The Paradox of Omnipotence
Can God create a rock so big that he cannot lift it? This question, like the Omniscience/Free Will Paradox, is viewed as an argument against the existence of God as He is commonly conceived, and is one of the most popular, next to The Problem of Evil. No matter how you answer the question, you seem to be admitting that God is not omnipotent. The God of Christianity claims omnipotence, therefore, He cannot exist. The argument goes like this:
(1) God either can or cannot create a rock that is so heavy that he cannot lift it.
(2) If God can create a rock that is so heavy that he cannot lift it, then God is not omnipotent.
(3) If God cannot create a rock that is so heavy that he cannot lift it, then God is not omnipotent.
(4) God is not omnipotent.
(5) If God exists then he is omnipotent.
(6) God does not exist.
This argument doesn't really work, though.
If we are to judge a Christian God, we must do so by examining the Christian text that describes Him. The ethical system we see at play in scripture is called situational ethics. Situational Ethics is the idea that actions are not intrisically good or evil, but they are made good or evil by the context in which they are performed.
For example, to kill one person to save ten is not the same as killing ten to save one, all other factors being equal. Likewise, killing one to save ten is not the same as killing one to save a thousand. Killing Adolf Hiter is not the same as killing Mother Teresa.
We can see many more examples of this in scripture. Throughout the Old Testament, the Lord commanded the children of Israel to break almost all of the Ten Commandments, but these things were acceptable for a specific context and condemnable for many others. Likewise, when Jesus was criticized by the Pharisees for breaking Levitical laws regarding the Sabbath, he said, “The sabbath was made for man, and not man for the sabbath:” (Mark 2:27). He also argued, “If one of you has a son or an ox that falls into a well on the Sabbath day, will you not immediately pull him out?” (Luke 14:6). The Lord also says in the Book of Mormon, “It is better that one man should perish than that a nation should dwindle and perish in unbelief.” (1 Ne 4:13)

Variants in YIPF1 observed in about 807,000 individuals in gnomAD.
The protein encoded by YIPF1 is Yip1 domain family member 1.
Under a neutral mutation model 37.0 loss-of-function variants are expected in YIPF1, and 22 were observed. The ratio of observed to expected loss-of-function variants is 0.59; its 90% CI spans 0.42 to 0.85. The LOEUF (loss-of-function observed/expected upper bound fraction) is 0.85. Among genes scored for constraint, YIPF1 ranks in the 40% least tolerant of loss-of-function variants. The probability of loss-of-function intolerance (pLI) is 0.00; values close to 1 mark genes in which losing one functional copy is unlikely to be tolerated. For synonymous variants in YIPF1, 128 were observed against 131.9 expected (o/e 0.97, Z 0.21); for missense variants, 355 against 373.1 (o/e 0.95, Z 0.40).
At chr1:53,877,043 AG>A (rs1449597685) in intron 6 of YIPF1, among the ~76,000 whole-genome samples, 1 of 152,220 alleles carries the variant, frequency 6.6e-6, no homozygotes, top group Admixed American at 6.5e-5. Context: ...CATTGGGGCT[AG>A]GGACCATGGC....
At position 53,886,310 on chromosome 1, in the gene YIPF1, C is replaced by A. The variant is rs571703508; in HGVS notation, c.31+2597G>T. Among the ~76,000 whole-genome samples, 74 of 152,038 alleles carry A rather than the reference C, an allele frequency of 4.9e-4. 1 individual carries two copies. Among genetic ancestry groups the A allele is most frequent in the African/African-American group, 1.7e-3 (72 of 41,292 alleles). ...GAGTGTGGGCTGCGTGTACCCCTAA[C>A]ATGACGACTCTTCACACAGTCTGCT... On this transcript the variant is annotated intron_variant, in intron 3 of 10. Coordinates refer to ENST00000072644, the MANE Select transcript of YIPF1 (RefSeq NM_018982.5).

So, according to a Christian text, a Christian God may perform any action depending on the context in which it is to be performed.
So with God all things are indeed possible, but not all things are possible all the time. He can perform any action which the current set of circumstances render “good”, whatever that might mean. So a set of circumstances might require that God creates a rock, but would not require that he lift it. Later, the circumstances might change such that He now needs to lift it. He would then find it within His power to lift it.
It may seem odd to places limitations on omnipotence, but He remains omnipotent because he still possesses all power. He is capable of performing any action. In fact, this may be the only true form of omnipotence, since it is the only intelligible way to answer the above paradox, while also reconciling the fact that "with god, all things are possible"(Matt 19:26) with the claim that "it was impossible for God to lie" (Heb 6:18). He must simply comply with the “good”, but that is not a new idea to Christianity. Many admit that God's power does not extend to logical contradictions, for example, like creating four-sided triangles or married bachelors.
Also, since the Bible also teaches that "[God] cannot lie" (Titus 1:2), our modern definition of "omnipotence" clearly does not apply in the way we'd think. So even if we ignore situational ethics the paradox would still not work because omnipotence in the sense that he can do any thing at any time is not an attribute he claims to have.
So can God create a rock so big that he cannot lift it? Yes, and He can lift it.